The History of Barbecuing
There's a rich tradition behind everyone's favorite summer cooking style.
The 4th of July holiday is practically synonymous with barbecues. The whole summer actually is an excuse to fire up the grill; all it takes is some combination of burgers, hot dogs and snacks to qualify as a cookout. But where exactly did this tradition begin? Has it always been about the act of grilling up meat and veggies, or is it more about the gathering of a large group outdoors? Like most things, barbecues have a long, evolved history since they first popped up on the scene.
It all started back in 1526 (or so legend says). According to Time.com, the official origin of the term "barbecue" is unknown; however, the first written document of the term is from a Spanish explorer’s journal entry upon landing in the Caribbean. A Caribbean Indian tribe called the Tainoused the term “barabicu” (or “sacred pit” in the Taino language) to describe the act of slow-cooking over a raised wooden platform. Due to the region and their diet at that time, the Taino was likely slow-roasting fish, but a cooking style was born.
The Spaniards began calling that style "barbacoa" and can be attributed to bringing it across the globe. According to the Smithsonian, as the Spanish explorers departed the Caribbean and turned their expeditions north, towards the U.S., they brought the ‘barbacoa’ cooking technique with them. In 1540, as recorded by Spanish explorer Hernando de Soto, the Chicksaw tribe located in what is modern-day Mississippi, cooked a feast of pork over the barbacoa (thanks to the surplus of pig in that region).
Eventually, the technique made its way to the colonies and barbecues continued to make appearances throughout history. In fact, according to Life Science, one of the first laws ever enacted in the colony of Virginia during the 1650s forbid the discharge of guns at a barbecue.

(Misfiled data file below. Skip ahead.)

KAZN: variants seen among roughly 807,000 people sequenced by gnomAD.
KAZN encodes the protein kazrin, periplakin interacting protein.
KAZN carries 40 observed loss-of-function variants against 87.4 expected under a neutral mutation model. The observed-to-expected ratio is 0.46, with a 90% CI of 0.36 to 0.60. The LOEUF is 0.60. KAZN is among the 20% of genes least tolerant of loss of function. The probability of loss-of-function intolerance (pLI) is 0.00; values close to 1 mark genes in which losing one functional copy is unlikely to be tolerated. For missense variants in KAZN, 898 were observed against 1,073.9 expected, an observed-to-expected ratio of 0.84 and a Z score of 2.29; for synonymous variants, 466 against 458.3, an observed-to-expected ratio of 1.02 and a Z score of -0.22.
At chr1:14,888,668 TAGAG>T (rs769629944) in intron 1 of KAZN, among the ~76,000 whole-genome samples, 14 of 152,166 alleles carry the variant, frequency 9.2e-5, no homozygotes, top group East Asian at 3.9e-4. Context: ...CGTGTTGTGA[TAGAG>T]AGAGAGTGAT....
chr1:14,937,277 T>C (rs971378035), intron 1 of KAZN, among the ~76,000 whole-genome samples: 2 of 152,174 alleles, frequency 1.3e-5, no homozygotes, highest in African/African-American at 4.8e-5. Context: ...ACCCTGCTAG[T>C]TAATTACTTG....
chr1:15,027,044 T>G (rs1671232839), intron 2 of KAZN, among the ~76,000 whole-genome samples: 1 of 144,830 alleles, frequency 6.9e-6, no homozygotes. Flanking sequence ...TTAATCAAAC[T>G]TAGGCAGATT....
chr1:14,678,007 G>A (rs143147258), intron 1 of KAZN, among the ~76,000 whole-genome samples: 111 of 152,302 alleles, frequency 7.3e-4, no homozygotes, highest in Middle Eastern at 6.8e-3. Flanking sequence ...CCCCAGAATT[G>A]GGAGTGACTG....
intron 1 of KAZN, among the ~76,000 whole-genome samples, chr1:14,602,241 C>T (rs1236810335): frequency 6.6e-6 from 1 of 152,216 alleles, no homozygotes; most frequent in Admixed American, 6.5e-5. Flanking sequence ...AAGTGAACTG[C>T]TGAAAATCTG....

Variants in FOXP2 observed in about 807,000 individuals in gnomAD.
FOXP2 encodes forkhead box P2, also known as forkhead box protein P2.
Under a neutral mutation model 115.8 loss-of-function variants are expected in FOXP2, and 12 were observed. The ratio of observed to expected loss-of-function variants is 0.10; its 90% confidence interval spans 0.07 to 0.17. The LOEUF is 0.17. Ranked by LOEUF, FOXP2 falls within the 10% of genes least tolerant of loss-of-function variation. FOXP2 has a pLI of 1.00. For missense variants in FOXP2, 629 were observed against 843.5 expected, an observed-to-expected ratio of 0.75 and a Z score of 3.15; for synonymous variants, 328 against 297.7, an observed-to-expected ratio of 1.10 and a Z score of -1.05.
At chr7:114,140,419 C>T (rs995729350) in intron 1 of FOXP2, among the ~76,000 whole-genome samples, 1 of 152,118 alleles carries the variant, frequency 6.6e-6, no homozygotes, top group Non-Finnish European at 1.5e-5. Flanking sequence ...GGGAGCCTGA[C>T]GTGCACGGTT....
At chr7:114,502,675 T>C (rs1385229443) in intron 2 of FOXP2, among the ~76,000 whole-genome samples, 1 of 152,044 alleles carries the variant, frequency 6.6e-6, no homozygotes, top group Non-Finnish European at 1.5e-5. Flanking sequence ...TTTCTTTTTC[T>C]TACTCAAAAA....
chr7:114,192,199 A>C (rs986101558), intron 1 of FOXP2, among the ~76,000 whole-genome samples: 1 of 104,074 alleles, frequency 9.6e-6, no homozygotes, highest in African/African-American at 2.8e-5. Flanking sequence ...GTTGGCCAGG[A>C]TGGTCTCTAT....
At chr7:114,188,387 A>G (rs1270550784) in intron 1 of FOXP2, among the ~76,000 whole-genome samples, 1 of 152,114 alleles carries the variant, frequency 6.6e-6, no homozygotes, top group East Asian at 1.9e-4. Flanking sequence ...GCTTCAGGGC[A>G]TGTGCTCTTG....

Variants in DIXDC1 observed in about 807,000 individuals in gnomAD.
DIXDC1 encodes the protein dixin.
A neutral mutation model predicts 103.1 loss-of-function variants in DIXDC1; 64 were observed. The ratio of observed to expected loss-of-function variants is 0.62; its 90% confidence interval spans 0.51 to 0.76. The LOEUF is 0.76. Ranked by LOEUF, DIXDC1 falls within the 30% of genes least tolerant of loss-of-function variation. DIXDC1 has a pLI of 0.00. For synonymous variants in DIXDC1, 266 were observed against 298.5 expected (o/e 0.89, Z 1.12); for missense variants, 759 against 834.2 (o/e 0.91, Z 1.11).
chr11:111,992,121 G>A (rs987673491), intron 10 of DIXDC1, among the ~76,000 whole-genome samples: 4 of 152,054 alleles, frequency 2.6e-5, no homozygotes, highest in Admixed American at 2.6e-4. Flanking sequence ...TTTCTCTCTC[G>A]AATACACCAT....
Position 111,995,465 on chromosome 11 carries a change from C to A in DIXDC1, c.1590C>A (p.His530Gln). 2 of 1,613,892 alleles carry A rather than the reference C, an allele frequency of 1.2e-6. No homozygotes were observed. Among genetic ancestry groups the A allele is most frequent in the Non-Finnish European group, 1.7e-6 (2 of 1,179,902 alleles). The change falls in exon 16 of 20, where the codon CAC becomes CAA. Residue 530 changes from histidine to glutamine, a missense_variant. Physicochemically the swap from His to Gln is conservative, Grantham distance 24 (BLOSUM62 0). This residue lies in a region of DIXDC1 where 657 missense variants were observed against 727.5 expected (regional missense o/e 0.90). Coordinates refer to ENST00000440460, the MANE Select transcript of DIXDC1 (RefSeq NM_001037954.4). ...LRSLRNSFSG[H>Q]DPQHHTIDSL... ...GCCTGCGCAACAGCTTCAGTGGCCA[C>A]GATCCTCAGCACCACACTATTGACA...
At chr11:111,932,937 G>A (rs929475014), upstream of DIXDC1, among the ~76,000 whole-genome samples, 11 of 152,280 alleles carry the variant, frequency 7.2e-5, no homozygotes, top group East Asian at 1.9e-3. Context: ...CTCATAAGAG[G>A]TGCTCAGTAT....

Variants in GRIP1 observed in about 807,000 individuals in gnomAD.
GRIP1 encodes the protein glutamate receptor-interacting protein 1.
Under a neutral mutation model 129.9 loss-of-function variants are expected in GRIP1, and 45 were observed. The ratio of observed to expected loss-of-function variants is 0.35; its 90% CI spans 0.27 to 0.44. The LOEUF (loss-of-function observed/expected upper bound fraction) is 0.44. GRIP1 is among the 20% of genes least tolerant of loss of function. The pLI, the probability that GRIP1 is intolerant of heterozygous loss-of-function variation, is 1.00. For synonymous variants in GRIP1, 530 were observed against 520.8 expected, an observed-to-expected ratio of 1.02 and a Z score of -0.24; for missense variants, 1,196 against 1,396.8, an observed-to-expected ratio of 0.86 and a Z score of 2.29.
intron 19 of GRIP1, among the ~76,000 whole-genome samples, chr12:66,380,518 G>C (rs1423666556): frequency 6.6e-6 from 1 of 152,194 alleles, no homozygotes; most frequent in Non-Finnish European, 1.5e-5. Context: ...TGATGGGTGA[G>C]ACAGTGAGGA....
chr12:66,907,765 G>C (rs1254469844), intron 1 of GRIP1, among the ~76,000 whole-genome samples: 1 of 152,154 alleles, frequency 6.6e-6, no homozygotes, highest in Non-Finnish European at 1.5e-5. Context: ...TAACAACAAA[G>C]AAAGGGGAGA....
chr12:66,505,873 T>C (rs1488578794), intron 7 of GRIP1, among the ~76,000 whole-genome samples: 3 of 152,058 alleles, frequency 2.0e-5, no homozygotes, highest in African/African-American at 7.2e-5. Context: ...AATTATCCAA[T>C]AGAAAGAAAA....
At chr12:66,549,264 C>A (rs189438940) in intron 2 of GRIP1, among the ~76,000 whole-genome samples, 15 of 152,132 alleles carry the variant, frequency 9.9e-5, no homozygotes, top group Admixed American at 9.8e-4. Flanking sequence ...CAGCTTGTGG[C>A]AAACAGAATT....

In 1755, the word “barbecue” was entered into Samuel Johnson’s The Dictionary of the English Language, according to the historical website Today I Found Out. The entry reads: “to ba’rbecue. A term used in the West-Indies for dressing a hog whole; which, being split to the backbone, is laid flat upon a large gridiron, raised about two foot above a charcoal fire, with which it is surrounded.”
When the United States won the Revolutionary War, the events were commemorated with barbecues that lasted for days. Steven Raichlen, author of Planet Barbecue and host of Primal Grill on PBS, claims that Abraham Lincoln’s parents celebrated their wedding with a good ol’ fashioned BBQ and that George Washington’s diaries were filled with references to barbecues, including one that lasted for three days.
According to Robert Moss, the author of Barbecue: The History of an America institution, barbecue became a more formalized social ritual, used to unite people during electoral campaigns in the Jacksonian era. As the Smithsonian confirms, this style of cooking emerged popular thanks to its ability to cheaply and quickly feed large groups of people. By the 19th century, the culinary technique was well established across the U.S., but heavily favored in the South where pork became the primary meat at barbecues. Actual restaurants with permanent pits started to replace itinerant road-side stands, and even McDonald’s started out by serving BBQ as their main menu item.
From there, according to Owlcation, Thomas Edison and Henry Ford created the first industrial “charcoal briquets,” which allowed barbecuing to take place in a more casual, independent setting. Traditionally, cooks would roast a full animal over a flame, while continuously turning it to ensure even cooking. But, the Ford Briquet allowed the everyday chef to take advantage of the cooking method and was advertised as a way to enjoy the outdoors while simultaneously enjoying a meal.
However, coinciding with the Great Depression proved to be a trying time for barbecue enthusiasts. It wasn’t until the end of World War II, as families began to move into suburbs, that barbecuing became more like what it is today. Of course, today you’d be hard-pressed to agree on what “proper barbecuing” is. Visit Texas, Nashville, Kansas City, Virginia or South Carolina and you’ll find vastly different styles of BBQ, all distinct from one another (yet all still delicious).
Traditional sides, like cornbread and baked beans, were included simply because that’s what was in surplus in those days. In other regions, watermelon and bread were the sides du jour.These days, sides nearly steal the show at most American BBQs. However, if you’re looking for the authentic experience, remember to keep the meat cooking “low and slow.” If you remember that, the forefathers are sure to be proud.